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 IMPORTANT DATES
 Final Manuscripts Due
28 Sept 2020
 Early Registration Deadline 15 Oct 2020
 Short Courses Begin
4 Nov 2020
 Technical Program Begins 16 Nov 2020
 Workshop
19 Nov 2020
 2020 TECHNICAL PAPERS PROGRAM

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IMPORTANT INFORMATION ABOUT THE ONLINE TECHNICAL PROGRAM
  • Technical talks take place the week of November 16, essentially Monday thru Wednesday, depending on your time zone.
  • The program is divided into three time zone blocks and papers have been arranged to allow for a subset of live papers in each block (Americas, Europe, Asia). For your convenience, you may view the program based on a city in of of these blocks.
  • Talks are presented live, but will be recorded, so may they may be viewed (as often as you like) at your convenience.
  • Recordings will be online until 15 March 2021.
  • The All Access Passport allows you to take all the short courses live and/or via recording + the technical program, with recordings available until 15 March 2021 and available for viewing as many times as you like.
NOTES ABOUT THIS VIEW OF THE PROGRAM
  • Below is the the program in New York time.
  • To make the program easier to understand, talks given during overnight hours—when you are likely asleep—have a grey background.
  • Talks are presented live during the times noted, but will be recorded and may they may be viewed at your convenience, as often as you like, until 15 March 2021.
Monday 16 November
Color Vision and Perception
10:00 - 11:05
Welcome and Opening Keynote
 
Colour Appearance and Spatio-chromatic Vision, Sophie Wuerger, University of Liverpool (UK)
11:05 - 11:30
Coffee Break
11:30 - 12:10
Color Vision and Perception Session I
11:30
Practical Color Contrast Sensitivity Functions for Luminance Levels up to 10000 cd/m2 , Rafal Mantiuk1, Minjung Kim1, Maliha Ashraf2, M. Ronnier Luo3, Jasna Martinovic4, and Sophie Wuerger2; 1University of Cambridge, (UK), 2University of Liverpool, (UK), 3Zhejiang University (China), and 4University of Aberdeen (UK)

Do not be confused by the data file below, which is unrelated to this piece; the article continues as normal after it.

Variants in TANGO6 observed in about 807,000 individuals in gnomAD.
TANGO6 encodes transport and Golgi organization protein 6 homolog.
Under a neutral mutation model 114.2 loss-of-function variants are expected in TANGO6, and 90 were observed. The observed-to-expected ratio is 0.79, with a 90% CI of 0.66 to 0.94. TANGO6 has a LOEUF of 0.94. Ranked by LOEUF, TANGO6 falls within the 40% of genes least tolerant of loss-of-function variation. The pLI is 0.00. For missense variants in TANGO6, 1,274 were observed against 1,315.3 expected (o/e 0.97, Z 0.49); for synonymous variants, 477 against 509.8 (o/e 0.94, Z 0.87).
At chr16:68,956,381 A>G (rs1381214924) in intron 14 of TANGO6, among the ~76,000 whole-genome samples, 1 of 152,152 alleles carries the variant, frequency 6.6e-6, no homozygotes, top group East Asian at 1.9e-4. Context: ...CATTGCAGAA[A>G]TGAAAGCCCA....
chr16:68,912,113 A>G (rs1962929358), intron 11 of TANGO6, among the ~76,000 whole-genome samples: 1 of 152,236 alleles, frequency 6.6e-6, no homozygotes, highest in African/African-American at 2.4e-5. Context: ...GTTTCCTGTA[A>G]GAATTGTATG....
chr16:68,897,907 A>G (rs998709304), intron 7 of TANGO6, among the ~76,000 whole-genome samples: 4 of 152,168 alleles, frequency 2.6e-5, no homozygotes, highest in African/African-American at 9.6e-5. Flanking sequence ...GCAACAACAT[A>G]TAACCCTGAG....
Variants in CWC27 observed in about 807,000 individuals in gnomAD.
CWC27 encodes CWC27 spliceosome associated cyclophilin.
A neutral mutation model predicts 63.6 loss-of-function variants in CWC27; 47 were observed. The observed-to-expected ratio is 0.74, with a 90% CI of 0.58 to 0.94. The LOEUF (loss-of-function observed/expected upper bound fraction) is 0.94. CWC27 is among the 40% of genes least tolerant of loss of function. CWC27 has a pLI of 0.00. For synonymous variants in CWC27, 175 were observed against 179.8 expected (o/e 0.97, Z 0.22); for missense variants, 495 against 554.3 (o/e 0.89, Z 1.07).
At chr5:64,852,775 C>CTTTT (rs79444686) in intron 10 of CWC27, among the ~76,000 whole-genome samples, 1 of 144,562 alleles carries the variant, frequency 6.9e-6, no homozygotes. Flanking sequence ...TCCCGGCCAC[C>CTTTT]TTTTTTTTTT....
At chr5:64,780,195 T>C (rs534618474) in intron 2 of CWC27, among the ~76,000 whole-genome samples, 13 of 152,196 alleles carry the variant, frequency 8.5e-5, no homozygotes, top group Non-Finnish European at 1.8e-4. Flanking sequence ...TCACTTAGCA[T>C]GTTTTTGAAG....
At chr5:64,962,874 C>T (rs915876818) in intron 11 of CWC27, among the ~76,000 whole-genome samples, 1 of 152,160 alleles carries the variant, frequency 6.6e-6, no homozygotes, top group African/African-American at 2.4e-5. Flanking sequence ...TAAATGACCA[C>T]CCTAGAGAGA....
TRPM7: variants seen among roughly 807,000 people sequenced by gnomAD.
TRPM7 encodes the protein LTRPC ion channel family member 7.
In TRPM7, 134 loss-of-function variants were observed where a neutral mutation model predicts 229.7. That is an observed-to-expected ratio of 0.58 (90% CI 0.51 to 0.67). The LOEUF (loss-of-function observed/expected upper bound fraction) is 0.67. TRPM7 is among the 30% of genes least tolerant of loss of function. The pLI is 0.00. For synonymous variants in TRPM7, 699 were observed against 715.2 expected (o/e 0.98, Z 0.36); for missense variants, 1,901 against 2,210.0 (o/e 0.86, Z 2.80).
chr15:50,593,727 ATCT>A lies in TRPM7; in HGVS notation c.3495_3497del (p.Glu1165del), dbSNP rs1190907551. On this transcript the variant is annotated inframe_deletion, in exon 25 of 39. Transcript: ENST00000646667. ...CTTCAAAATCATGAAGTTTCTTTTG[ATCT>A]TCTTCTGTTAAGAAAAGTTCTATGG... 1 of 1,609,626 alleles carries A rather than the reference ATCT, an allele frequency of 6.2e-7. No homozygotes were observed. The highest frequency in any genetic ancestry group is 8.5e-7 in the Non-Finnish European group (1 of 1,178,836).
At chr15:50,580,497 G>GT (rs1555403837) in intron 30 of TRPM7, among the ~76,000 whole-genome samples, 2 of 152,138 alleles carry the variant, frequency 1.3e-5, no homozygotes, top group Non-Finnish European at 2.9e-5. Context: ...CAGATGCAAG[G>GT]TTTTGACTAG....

11:50
Observer Metamerism: Why do [mis]Matches of Neutral Appear Pinkish or Greenish?Yongmin Park, Michael Murdoch, and Mark Fairchild, Rochester Institute of Technology (US)
12:10 - 13:00
2-Minute Interactive (Poster) Previews I followed by Coffee Break and Interactive Session I
 
Effect of Peak Luminance on Perceptual Color Gamut Volume, Fu Jiang and Mark Fairchild, Rochester Institute of Technology (US) and Kenichiro Masaoka, NHK (Japan)
 
A Study on Attributes for 2.5D Print Quality Assessment, Altynay Kadyrova, Vlado Kitanovski, and Marius Pedersen, Norwegian University of Science and Technology (Norway)
 
Investigation of Effect of Skin Tone to Facial Attractiveness, Yan Lu1, Jie Yang1, Kaida Xiao1, Michael Pointer1, Changjun Li2, and Sophie Wuerger3; 1University of Leeds (UK), 2University of Science and Technology Liaoning (China) and 3University of Liverpool (UK)
 
Relationship between Perceived Room Brightness and Light Source Appearance Mode in Different Media: Reality, Virtual Reality, and 2D Images, Ching-wei Lin, Peter Hanselaer, and Kevin Smet, KU Leuven (Belgium)
 
The Impact of Transition Type on Chromatic Adaptation under Dual Lighting Conditions, Shining Ma1, Peter Hanselaer1, Kees Teunissen2, and Kevin Smet1; 1KU Leuven (Belgium) and 2Signify (the Netherlands)
13:00 - 14:10
Color Vision and Perception Session II
13:00
Perceptually Motivated Model for Predicting Banding Artefactsin High-dynamic Range Images, Minjung Kim, Maryam Azimi, and Rafal Mantiuk, University of Cambridge (UK)
13:20
JIST-first: The Effect of Texture on Perceived Memory Color Quality, Anku Anku and Susan Farnand, Rochester Institute of Technology (US)
13:40
Spatio-chromatic Contrast Sensitivity across the Lifespan: Interactions between Age and Light Level in High Dynamic Range, Maliha Ashraf1, Minjung Kim2, Jasna Martinovic3, Sophie Wuerger1, and Rafal Montauk2; 1University of Liverpool, 2University of Cambridge, and 3University of Aberdeen (UK)